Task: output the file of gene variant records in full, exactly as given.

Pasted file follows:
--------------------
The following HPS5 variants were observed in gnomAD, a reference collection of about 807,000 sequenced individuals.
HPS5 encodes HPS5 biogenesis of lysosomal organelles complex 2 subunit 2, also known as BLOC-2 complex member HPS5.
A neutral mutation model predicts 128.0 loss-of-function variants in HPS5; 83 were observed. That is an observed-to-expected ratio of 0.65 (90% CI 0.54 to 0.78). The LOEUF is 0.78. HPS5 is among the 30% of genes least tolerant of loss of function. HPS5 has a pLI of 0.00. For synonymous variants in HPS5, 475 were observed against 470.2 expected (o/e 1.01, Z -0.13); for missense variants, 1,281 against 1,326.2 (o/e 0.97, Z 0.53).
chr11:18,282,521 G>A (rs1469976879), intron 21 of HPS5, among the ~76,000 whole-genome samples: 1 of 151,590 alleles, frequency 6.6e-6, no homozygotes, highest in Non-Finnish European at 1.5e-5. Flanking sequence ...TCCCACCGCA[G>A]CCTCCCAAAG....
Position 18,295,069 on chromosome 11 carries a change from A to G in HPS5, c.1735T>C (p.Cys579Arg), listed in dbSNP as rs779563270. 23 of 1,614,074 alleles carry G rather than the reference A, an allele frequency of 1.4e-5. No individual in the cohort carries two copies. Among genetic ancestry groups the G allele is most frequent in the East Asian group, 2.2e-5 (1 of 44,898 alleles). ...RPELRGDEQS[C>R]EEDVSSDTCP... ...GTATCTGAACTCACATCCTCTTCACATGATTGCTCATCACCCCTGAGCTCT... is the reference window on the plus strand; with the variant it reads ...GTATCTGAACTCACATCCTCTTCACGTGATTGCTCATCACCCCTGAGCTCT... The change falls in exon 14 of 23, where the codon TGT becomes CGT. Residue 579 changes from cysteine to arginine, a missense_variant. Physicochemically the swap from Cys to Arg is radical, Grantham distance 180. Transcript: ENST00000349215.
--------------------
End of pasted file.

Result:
The following HPS5 variants were observed in gnomAD, a reference collection of about 807,000 sequenced individuals.
HPS5 encodes HPS5 biogenesis of lysosomal organelles complex 2 subunit 2, also known as BLOC-2 complex member HPS5.
A neutral mutation model predicts 128.0 loss-of-function variants in HPS5; 83 were observed. That is an observed-to-expected ratio of 0.65 (90% CI 0.54 to 0.78). The LOEUF is 0.78. HPS5 is among the 30% of genes least tolerant of loss of function. HPS5 has a pLI of 0.00. For synonymous variants in HPS5, 475 were observed against 470.2 expected (o/e 1.01, Z -0.13); for missense variants, 1,281 against 1,326.2 (o/e 0.97, Z 0.53).
chr11:18,282,521 G>A (rs1469976879), intron 21 of HPS5, among the ~76,000 whole-genome samples: 1 of 151,590 alleles, frequency 6.6e-6, no homozygotes, highest in Non-Finnish European at 1.5e-5. Flanking sequence ...TCCCACCGCA[G>A]CCTCCCAAAG....
Position 18,295,069 on chromosome 11 carries a change from A to G in HPS5, c.1735T>C (p.Cys579Arg), listed in dbSNP as rs779563270. 23 of 1,614,074 alleles carry G rather than the reference A, an allele frequency of 1.4e-5. No individual in the cohort carries two copies. Among genetic ancestry groups the G allele is most frequent in the East Asian group, 2.2e-5 (1 of 44,898 alleles). ...RPELRGDEQS[C>R]EEDVSSDTCP... ...GTATCTGAACTCACATCCTCTTCACATGATTGCTCATCACCCCTGAGCTCT... is the reference window on the plus strand; with the variant it reads ...GTATCTGAACTCACATCCTCTTCACGTGATTGCTCATCACCCCTGAGCTCT... The change falls in exon 14 of 23, where the codon TGT becomes CGT. Residue 579 changes from cysteine to arginine, a missense_variant. Physicochemically the swap from Cys to Arg is radical, Grantham distance 180. Transcript: ENST00000349215.